We love playing games, reading about games, and writing about games here at Gamezebo, but eventually all of that screen time can really put a strain on our eyes. So what do we do to unwind when we’re not glued to a monitor to give you the best content on the internet today? We read a little bit of good ol’ ink on paper fiction!
But that doesn’t mean we want to stray too far from the world of gaming. Below, you’ll find a list of five novels that have one foot in the world of video games and the other foot in the world of top notch storytelling. As a quick disclaimer, the author of this post hasn’t read everything on this list yet, but what I haven’t is at the top of my “to read” list, and these picks have come highly recommended. As such, I figure the least I could do is pass these recommendations on to you.
Ready Player One“ – The one book that was pretty much a lock to appear in this list, Ready Player One might just be the most notable piece of gamer-lit to date. It tells the tale of an impoverished teen living in a dystopian future, where everyone spends their time living in the virtual world of OASIS. When this world’s creator dies, he creates the scavenger hunt to end all scavenger hunts. And the winner? They’ll inherit his entire fortune and his stake in the company behind it. What follows is 384 pages of intrigue, humor, friendship – and more pop culture references than you can shake a stick at. I don’t want to give too much away, but I’ll say this: entire sections of the hunt are tied to the deceased’s love of the 80’s.
You – The newest book on our list, You spends as much time in the world of fantasy as it does reality – which is pretty much exactly what you’d want from a novel about gaming. Russell is a game developer who joins a company spawned from people who he once considered his dearest friends, and he must find a bug that’s affecting not only the game he’s working on, but every other game in the company’s portfolio that runs on the same engine. This means he has to play through all of the games, one by one. In a recent review on io9, Annalee Newitz describes the theme of the book as “our adventures in game worlds make us who we are as much as our adventures in the real world.” If that doesn’t sound intriguing, I don’t know what does. And if you need more incentive, author Austin Grossman is also a veteran game developer himself, having worked on everything from System Shock to Dishonored.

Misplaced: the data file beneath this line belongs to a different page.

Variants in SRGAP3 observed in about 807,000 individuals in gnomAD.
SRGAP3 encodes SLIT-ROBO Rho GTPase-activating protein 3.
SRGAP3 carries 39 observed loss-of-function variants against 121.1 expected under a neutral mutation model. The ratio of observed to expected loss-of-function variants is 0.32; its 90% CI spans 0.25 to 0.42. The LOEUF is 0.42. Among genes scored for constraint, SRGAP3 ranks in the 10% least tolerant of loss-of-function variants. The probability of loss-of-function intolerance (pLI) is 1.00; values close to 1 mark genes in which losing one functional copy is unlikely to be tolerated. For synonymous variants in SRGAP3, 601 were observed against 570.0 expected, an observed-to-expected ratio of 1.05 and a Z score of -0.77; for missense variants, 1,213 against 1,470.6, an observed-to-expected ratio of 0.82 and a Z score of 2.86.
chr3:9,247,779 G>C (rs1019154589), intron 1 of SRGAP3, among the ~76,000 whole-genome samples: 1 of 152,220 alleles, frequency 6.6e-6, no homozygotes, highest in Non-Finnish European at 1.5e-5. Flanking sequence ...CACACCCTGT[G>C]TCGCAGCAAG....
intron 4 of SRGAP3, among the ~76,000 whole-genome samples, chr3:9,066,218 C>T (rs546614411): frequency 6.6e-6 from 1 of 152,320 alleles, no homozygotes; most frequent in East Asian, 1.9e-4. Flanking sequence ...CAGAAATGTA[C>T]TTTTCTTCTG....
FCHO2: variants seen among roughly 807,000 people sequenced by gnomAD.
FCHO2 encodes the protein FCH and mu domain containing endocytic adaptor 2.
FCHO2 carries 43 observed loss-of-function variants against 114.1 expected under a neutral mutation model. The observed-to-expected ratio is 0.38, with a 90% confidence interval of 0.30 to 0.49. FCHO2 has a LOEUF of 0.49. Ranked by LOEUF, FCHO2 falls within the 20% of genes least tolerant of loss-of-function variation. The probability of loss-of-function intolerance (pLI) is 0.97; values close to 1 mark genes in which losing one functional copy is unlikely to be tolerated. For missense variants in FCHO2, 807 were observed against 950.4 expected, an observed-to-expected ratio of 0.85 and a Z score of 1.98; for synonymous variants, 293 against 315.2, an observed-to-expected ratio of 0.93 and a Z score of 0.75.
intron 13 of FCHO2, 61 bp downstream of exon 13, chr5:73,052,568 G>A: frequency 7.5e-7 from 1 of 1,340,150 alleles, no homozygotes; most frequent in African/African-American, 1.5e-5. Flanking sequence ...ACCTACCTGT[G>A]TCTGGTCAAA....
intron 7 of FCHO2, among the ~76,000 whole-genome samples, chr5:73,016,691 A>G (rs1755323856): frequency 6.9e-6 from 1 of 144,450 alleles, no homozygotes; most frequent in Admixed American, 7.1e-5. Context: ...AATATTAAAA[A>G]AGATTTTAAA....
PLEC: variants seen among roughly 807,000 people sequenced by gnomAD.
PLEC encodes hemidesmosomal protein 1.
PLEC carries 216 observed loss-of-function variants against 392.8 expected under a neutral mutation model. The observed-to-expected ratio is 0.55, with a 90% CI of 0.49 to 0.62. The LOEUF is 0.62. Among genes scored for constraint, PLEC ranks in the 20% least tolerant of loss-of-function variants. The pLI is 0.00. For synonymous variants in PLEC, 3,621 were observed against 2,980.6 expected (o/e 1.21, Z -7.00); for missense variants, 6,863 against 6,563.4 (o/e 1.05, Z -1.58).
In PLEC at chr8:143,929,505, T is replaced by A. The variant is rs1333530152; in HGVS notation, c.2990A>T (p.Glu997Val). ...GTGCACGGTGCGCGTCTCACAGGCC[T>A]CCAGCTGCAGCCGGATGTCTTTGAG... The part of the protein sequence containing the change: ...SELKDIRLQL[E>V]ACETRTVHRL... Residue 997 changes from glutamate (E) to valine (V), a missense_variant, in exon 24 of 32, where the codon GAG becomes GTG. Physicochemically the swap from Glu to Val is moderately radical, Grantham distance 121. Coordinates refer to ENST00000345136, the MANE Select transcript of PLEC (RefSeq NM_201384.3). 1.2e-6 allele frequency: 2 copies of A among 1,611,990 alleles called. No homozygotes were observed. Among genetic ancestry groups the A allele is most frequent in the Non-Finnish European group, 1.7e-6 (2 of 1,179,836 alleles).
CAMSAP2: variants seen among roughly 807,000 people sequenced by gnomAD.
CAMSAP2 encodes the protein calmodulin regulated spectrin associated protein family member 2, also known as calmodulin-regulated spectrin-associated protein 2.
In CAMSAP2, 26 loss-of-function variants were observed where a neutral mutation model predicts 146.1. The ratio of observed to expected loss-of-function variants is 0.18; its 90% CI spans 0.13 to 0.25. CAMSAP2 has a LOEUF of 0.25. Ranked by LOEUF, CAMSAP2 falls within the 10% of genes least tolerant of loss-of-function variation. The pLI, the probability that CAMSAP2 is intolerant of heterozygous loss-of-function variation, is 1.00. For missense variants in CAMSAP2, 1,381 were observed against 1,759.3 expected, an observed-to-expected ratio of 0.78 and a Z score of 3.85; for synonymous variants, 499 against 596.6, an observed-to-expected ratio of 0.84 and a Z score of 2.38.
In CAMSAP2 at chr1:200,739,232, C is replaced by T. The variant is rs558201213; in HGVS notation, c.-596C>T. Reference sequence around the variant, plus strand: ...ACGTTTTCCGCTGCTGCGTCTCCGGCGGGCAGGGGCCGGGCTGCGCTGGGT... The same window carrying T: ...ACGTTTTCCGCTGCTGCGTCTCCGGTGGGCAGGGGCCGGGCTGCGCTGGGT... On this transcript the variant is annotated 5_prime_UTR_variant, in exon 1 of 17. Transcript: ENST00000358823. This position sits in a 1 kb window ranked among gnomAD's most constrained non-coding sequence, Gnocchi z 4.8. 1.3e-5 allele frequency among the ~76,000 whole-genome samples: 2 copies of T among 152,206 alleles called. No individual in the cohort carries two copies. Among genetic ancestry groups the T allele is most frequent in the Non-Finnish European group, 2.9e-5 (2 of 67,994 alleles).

JPod – If you’re looking for a somewhat more humorous take on the world of game development, maybe Douglas Coupland’s JPod is more your cup of tea. The author of Generation X has developed quite a following since his first novel 22 years ago, and in this 2006 release, he explores the world of 6 game developers that share a single cubicle at “Neotronic Arts.” They have to deal with unexpected (and ridiculous) game changes mandated by executives, relationships, and even a few appearances by a fictionalized version of the author.
Mogworld – If you’re the type of person who ravenously scours the internet for game reviews, you’ve no doubt come across the legendary video reviews of Ben “Yahtzee” Croshaw. But in addition to writing witty scripts for video reviews, did you know he could also write a novel or two? Released in 2010, Mogworld was Croshaw’s debut as a published fiction author. Have you ever played an RPG where an evil necromancer summons the dead to fight on his behalf? Mogworld is the tale of one of those summoned dead: Jim.
Halting State – There’s been a robbery, and the only suspects are a band of orcs and the dragon that came along for the ride. Sound strange? Not if the robbery was of virtual currency in the virtual world of Avalon Four. But don’t let this word “virtual” throw you – in Halting State, this is a very real crime, and you’ll explore this crime through the eyes of three very different characters. And did we mention it’s written in the second-person? Asides from text adventures like Zork, gamebooks, and a single piece of well-known literature (Jay McInerney’s Bright Lights, Big City), I can’t remember a single experience that spoke to readers in second-person prose. Kinda cool! Though I think I would’ve expected it more from You. 😉